World Cup error I think I found a little mistake in issue 258. On page 49 [a Showcase page of a World Cup history site] there should have been a circle around 1954, not 1930. I’d also like to thank you for such an amazing magazine.

netmag@futurenet.com

happened to bag the trophy again this summer. He is still celebrating.

Mental Help Week Please read and get educated! RT @netmag #GeekMentalHelp Week: @benjaminhowarth on bipolar disorder: netm.ag/GMHW-262

Sam Kapila, Texas, Curaçao and Greenville, US

Thanks, Sam. We actively supported Geek Mental Help Week (geekmentalhelp.com) and were thrilled to have some devs share their very personal stories. Massive thanks go to Greg Baugues (netm.ag/Baugues-262), Christopher Murphy (netm. ag/Murphy-262), Benjamin Howarth (above), Hannah Donovan (netm.ag/donovan-

net.creativebloq.com

262) and Ed Finkler (netm. ag/finkler-262.com). Everyone really came together to raise awareness of mental health problems that many of us are affected by. If you also want to share your story, get in touch.

Windows woes Are there any plans to support Windows devices with the digital editions? Having been a regular reader of the print edition, it would be nice to go digital, but I don’t use either Apple or Android devices.

Steve Cowell, UK

You don’t need to have an Apple or Android device to read our digital edition, Steve. net is also available on Zinio, which supports PCs and Windows 8 devices: zinio.com.

Farhad Eftekhari, Espoo, FI

Well spotted! We blame the screen capture software that probably didn’t catch up in time when we took this shot. Of course the World Cup took place in 1954 in Switzerland. Editor Oliver Lindberg would like to remind everyone that, incidentally, Germany won the World Cup for the first time that year and also

Let’s celebrate! Big thanks to Sergei Golubev (@sgolubev), who tweeted us this fab photo to help us celebrate net’s 20th birthday last issue


Network THE POLL

which mobile platforms do you develop for? HTML5 hybrid apps 40% Native might offer more power and flexibility, but hybrid means one app works across many code bases

BlackBerry 10 3% A propietary, Unixlike OS that combines gestures and touch for navigation

Firefox OS 4% A relative newcomer, the open source Firefox OS promises many great things

Windows Phone 5% Microsoft’s slick successor to the much-maligned Windows Mobile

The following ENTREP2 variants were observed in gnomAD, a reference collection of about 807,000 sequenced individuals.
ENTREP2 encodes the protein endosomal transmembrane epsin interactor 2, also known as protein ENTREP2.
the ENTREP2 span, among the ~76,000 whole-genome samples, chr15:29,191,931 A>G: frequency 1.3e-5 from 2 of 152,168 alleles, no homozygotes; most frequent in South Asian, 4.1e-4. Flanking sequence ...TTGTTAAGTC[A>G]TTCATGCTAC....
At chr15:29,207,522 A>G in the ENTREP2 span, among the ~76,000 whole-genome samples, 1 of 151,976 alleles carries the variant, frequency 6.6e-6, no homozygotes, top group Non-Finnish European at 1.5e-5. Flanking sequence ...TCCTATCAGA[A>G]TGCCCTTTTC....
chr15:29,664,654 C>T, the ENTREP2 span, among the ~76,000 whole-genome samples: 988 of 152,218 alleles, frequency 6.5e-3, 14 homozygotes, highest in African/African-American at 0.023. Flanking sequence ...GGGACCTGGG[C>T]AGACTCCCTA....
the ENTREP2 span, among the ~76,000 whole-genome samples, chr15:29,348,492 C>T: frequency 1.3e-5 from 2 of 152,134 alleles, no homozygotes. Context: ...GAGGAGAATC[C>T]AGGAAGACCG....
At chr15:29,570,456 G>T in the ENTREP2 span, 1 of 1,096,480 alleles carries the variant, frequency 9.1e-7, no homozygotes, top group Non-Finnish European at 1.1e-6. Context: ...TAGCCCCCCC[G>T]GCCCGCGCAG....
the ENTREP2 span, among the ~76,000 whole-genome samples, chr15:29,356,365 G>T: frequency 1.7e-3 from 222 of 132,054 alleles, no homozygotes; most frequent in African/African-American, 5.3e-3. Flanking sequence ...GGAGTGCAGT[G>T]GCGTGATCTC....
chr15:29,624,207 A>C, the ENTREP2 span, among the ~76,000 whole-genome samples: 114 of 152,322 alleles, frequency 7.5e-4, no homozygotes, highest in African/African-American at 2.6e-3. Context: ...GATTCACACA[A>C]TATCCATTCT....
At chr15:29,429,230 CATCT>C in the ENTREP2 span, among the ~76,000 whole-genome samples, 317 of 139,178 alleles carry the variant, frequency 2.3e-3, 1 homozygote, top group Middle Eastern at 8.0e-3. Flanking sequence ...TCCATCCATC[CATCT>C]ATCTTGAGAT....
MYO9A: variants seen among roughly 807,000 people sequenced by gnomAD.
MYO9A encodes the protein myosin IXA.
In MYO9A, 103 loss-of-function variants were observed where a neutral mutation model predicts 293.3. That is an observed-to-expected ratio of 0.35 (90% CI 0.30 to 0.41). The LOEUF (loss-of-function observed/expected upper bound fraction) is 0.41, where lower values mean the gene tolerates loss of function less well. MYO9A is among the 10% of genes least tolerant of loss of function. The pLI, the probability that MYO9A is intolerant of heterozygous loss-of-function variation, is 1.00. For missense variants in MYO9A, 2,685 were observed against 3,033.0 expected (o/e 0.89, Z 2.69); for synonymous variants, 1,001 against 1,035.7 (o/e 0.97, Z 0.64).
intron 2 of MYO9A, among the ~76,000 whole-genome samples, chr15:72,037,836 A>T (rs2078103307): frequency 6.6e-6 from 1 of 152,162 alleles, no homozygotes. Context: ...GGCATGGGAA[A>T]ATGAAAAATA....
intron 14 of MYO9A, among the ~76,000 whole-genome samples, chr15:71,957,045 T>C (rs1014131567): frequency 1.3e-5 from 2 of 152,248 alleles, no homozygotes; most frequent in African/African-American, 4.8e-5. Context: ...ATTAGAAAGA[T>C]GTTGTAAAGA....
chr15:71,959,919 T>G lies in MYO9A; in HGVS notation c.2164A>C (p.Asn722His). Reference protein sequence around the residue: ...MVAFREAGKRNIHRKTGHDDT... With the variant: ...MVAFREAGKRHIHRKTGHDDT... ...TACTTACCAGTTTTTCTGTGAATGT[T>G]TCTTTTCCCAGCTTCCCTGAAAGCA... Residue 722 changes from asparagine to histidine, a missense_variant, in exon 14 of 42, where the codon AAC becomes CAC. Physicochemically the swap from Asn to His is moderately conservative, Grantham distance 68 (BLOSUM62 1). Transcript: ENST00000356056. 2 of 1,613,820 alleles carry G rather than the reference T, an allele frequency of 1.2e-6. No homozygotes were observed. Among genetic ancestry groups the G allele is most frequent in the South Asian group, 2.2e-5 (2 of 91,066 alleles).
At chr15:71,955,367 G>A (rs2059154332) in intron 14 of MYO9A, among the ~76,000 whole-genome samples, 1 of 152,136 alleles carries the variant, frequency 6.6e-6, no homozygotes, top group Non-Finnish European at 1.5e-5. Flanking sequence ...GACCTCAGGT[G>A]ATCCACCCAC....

iOS 25% Apple’s all-conquering mobile operating system for tablets and phones

Android 22% Google is set to release version five of its Linuxbased juggernaut

From our timeline

When times are tough, what do you do to stay positive? I remind myself of what really matters: My family. I can get another job, a cheaper house, a cheaper car. I can’t get replace my family. @pstephan1187 Think like a proton. @iandevlin

Drink coffee, make lists and power on! @Jamesp0p

The same thing I do when times are good: work hard and help others. @Tevko Adventure time, every time! @thepixelgrid I grab some fresh air. No greater brightener or leveller than taking a walk or going for a run. @DaveThackeray

However bleak things look, it’s always better to communicate. Things are never as bad as they seem! #exceptwhentheyare @nlisgo <sarcasm> I look at my favourite website. It inspires me to be the best I can be. fabricland.co.uk </sarcasm> @humedini Surrounding myself with positive and creative people usually helps a lot – positivity spreads like a virus. @mstoiber05

COOL Stuff We learned This month An ode to the mechanical pencil

Pencil notes, this post’s author tells us, have more humility than those jotted in pen. The latter are definite, whereas the former are erasable and so gently provisional. That established, we’re off on a tour of the mechanical pencil’s history, with some unabashed fetishism of the Rotring 600 and its kin. netm.ag/pencil-262 Code’s cognitive load

If you want to make code that’s efficient, write code that’s easy to read. The problem is, how do you describe code that is easy to understand? We reach for woolly words like clean and clever or ugly and cryptic, but these are inadequate. We need to look for more rigorous measures of readability. netm.ag/read-262 Don’t mock Microsoft

If you’re giving a talk and need some comic relief, tell a joke about Microsoft. It’ll get a laugh, but it’ll be a cheap one – so says unlikely Microsoft advocate, Mozilla’s Christian Heilmann. Rather than the evil empire of old, Microsoft might just be one of the most important players in tech today. Clippy would be proud. netm.ag/microsoft-262

january 2015 9


Send your questions to netmag@futurenet.com this month featuring... Sam Kapila Sam is a designer and design educator living in Austin, Texas w: samkapila.com t: @samkap

Practical advice from industry experts

QUESTION OF THE MONTH

How could design education better support prospective UX/product designers? Rob Whiting, Beverley Country, UK

Bradley Haynes Bradley has been designing experiences for the web for over 10 years w: bradleyhaynes.com t: @bradhaynes

Nate Abele Nate is the founder of Radify and a member of the AngularUI team w: nateabele.com t: @nateabele